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Mike Peters writes the obit for The Boondocks

Dallas Morning News columnist Mike Peters writes a column that reads like an obit for Aaron McGruder’s The Boondocks.

Almost overnight, Mr. McGruder was a self-made social commentator, eager to shake our easy assumptions about race.

“I don’t write The Boondocks for black people,” he told me in 2003. “Black people already get it. I’m trying to make white people see and think about black people.”

He did.

Community Comments

#1 Charles Brubaker
October/9/2006
@ 4:57 pm

Neat.

Just so we’re clear, this Mike Peters is not related to the “Mother Goose and Grimm” cartoonist…right?

#2 Charles Brubaker
October/9/2006
@ 10:57 am

Neat.

Just so we’re clear, this Mike Peters is not related to the “Mother Goose and Grimm” cartoonist…right?

#3 Alan
October/9/2006
@ 5:54 pm

Right. I try to make that distinction when I post. Look for keywords like “Dallas Morning columnist” vs “Mother Goose and Grimm creator.”

#4 Alan
October/9/2006
@ 11:54 am

Right. I try to make that distinction when I post. Look for keywords like “Dallas Morning columnist” vs “Mother Goose and Grimm creator.”

#5 Garey Mckee
October/14/2006
@ 5:23 am

Aaron McGruder’s sobatical raises an interesting reflection. Most comic strips seem to come back after an author’s haitus on a downward slide, even if that author’s absence is not voluntary.

Witness Berkley Breathed’s long absence after breaking his back and enduring a long recovery. Looking back at Bloom County one can definately see a difference in priority pre-absence and post-absence in Breathed’s work.

Also one can see the same occurrence with Gary Larson’s Farside panel. Much of Larson’s work was a shadow of it’s former self after lengthy sobatical.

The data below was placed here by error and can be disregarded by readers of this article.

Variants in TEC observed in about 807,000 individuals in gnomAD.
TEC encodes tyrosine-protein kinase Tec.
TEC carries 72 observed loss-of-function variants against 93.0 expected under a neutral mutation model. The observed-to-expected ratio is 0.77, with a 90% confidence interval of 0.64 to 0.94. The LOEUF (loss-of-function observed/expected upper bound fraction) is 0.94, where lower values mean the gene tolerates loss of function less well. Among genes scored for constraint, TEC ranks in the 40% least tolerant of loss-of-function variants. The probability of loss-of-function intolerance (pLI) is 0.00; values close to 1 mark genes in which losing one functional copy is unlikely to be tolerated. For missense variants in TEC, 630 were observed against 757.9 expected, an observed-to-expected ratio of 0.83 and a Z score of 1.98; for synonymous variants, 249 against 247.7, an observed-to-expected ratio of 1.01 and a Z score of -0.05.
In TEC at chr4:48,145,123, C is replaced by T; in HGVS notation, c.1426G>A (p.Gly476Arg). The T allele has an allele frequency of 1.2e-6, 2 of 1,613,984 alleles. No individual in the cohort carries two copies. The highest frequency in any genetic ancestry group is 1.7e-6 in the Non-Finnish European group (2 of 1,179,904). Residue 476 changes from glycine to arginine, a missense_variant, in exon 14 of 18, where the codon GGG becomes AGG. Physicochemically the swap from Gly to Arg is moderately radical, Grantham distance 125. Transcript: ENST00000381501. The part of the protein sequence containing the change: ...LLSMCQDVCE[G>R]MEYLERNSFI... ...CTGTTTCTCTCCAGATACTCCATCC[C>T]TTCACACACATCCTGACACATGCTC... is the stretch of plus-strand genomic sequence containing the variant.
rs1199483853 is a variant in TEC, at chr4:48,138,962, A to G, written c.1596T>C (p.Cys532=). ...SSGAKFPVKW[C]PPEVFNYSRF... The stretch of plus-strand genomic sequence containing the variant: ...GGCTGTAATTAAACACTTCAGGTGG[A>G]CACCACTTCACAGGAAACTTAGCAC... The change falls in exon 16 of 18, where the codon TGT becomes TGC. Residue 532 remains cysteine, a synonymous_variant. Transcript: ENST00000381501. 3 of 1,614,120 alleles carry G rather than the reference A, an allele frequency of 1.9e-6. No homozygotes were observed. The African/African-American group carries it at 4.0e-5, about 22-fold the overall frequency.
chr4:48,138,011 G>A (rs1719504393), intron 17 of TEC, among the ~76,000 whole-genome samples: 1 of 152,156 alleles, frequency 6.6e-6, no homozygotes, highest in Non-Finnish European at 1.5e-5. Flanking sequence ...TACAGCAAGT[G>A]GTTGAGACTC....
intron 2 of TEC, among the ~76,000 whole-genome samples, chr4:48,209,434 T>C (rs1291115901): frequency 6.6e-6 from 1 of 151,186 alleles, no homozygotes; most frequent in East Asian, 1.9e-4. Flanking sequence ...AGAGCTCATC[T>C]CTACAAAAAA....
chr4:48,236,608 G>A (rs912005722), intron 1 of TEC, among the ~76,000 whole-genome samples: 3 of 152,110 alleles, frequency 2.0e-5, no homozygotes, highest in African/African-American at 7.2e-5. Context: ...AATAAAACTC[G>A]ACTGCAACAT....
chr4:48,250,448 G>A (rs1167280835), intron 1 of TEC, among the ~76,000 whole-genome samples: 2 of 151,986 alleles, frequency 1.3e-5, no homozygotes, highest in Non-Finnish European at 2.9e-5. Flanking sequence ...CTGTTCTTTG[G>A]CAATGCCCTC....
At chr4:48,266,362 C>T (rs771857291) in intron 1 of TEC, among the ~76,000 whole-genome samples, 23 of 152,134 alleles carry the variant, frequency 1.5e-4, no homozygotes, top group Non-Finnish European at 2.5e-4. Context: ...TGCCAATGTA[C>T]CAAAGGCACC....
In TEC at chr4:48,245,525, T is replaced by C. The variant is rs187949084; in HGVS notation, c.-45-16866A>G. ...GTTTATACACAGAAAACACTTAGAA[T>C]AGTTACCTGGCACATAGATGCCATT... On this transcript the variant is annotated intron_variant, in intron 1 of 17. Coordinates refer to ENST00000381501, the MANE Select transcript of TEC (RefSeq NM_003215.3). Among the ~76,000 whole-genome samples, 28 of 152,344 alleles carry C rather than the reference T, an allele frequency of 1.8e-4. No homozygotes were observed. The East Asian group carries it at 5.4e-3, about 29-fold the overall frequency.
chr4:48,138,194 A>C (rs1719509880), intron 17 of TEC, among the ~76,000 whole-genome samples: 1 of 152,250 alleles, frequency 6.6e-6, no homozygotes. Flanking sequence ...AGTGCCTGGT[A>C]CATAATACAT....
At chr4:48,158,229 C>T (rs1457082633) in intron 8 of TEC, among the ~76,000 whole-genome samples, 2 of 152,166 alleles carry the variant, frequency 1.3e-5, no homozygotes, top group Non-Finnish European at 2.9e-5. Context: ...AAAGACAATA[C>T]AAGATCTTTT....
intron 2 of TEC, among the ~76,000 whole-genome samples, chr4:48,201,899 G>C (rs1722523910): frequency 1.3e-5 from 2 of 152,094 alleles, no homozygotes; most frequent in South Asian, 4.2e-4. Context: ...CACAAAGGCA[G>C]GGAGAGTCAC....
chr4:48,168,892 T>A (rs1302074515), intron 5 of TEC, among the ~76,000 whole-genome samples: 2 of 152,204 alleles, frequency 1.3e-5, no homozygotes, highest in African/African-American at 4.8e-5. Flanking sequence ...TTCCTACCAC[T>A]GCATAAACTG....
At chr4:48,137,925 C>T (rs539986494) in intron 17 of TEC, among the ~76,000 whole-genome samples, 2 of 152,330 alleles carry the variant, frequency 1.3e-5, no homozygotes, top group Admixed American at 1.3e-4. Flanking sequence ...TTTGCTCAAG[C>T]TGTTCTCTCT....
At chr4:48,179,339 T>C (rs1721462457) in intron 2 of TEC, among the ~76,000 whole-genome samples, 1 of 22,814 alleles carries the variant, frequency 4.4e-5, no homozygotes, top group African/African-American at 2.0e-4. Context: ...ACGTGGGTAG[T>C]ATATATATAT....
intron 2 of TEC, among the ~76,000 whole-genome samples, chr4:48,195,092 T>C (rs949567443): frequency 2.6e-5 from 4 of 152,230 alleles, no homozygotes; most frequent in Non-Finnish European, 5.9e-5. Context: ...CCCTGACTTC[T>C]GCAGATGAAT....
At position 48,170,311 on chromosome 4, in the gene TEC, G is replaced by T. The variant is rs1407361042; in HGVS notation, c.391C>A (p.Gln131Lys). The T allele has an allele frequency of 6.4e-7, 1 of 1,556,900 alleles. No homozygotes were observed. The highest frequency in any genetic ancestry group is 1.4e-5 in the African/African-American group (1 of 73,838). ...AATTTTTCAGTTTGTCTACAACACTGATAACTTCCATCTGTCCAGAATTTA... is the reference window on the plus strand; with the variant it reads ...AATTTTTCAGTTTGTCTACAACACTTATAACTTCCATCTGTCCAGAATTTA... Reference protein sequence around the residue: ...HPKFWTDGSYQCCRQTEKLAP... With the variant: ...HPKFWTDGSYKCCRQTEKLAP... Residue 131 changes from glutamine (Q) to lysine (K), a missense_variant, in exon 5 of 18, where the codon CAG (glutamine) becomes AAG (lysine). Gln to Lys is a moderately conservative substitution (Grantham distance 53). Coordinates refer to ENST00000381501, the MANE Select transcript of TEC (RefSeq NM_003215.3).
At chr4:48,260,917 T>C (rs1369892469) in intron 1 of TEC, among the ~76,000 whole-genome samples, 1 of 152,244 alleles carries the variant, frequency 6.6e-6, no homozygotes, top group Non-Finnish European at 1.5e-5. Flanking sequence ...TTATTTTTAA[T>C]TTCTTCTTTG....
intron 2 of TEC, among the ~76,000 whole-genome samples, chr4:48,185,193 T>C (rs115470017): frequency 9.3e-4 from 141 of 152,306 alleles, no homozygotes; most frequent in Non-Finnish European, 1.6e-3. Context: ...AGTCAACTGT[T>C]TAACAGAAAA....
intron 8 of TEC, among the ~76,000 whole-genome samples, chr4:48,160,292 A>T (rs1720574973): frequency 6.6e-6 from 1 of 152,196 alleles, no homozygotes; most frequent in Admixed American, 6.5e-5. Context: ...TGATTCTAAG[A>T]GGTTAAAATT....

McGruder’s situation differs only slightly from these, as he has a hit TV show based off his strip. I see the show spinning off in a fresher direction gaining more of an audience while his strip wanes in much the same way other strips have when their authors take a long powder.

#6 Garey Mckee
October/13/2006
@ 11:23 pm

Aaron McGruder’s sobatical raises an interesting reflection. Most comic strips seem to come back after an author’s haitus on a downward slide, even if that author’s absence is not voluntary.

Witness Berkley Breathed’s long absence after breaking his back and enduring a long recovery. Looking back at Bloom County one can definately see a difference in priority pre-absence and post-absence in Breathed’s work.

Also one can see the same occurrence with Gary Larson’s Farside panel. Much of Larson’s work was a shadow of it’s former self after lengthy sobatical.

McGruder’s situation differs only slightly from these, as he has a hit TV show based off his strip. I see the show spinning off in a fresher direction gaining more of an audience while his strip wanes in much the same way other strips have when their authors take a long powder.

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